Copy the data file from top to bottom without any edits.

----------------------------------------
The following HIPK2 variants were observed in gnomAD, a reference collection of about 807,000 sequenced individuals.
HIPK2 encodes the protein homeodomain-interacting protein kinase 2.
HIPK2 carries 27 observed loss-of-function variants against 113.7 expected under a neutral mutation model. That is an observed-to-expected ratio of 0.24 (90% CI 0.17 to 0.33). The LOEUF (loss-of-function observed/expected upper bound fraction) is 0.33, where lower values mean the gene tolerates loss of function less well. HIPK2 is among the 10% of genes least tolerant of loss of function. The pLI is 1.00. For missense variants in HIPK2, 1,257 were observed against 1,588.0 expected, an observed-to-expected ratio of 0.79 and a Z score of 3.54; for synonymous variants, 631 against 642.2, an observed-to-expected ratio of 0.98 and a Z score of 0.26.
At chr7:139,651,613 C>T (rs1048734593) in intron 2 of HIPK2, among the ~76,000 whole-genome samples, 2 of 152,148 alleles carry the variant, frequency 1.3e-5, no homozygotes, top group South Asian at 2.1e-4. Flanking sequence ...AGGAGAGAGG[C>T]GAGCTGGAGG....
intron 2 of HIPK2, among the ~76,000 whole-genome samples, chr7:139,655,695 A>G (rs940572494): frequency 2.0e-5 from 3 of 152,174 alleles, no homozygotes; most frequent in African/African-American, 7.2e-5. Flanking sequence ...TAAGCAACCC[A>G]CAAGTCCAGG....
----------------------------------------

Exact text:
The following HIPK2 variants were observed in gnomAD, a reference collection of about 807,000 sequenced individuals.
HIPK2 encodes the protein homeodomain-interacting protein kinase 2.
HIPK2 carries 27 observed loss-of-function variants against 113.7 expected under a neutral mutation model. That is an observed-to-expected ratio of 0.24 (90% CI 0.17 to 0.33). The LOEUF (loss-of-function observed/expected upper bound fraction) is 0.33, where lower values mean the gene tolerates loss of function less well. HIPK2 is among the 10% of genes least tolerant of loss of function. The pLI is 1.00. For missense variants in HIPK2, 1,257 were observed against 1,588.0 expected, an observed-to-expected ratio of 0.79 and a Z score of 3.54; for synonymous variants, 631 against 642.2, an observed-to-expected ratio of 0.98 and a Z score of 0.26.
At chr7:139,651,613 C>T (rs1048734593) in intron 2 of HIPK2, among the ~76,000 whole-genome samples, 2 of 152,148 alleles carry the variant, frequency 1.3e-5, no homozygotes, top group South Asian at 2.1e-4. Flanking sequence ...AGGAGAGAGG[C>T]GAGCTGGAGG....
intron 2 of HIPK2, among the ~76,000 whole-genome samples, chr7:139,655,695 A>G (rs940572494): frequency 2.0e-5 from 3 of 152,174 alleles, no homozygotes; most frequent in African/African-American, 7.2e-5. Flanking sequence ...TAAGCAACCC[A>G]CAAGTCCAGG....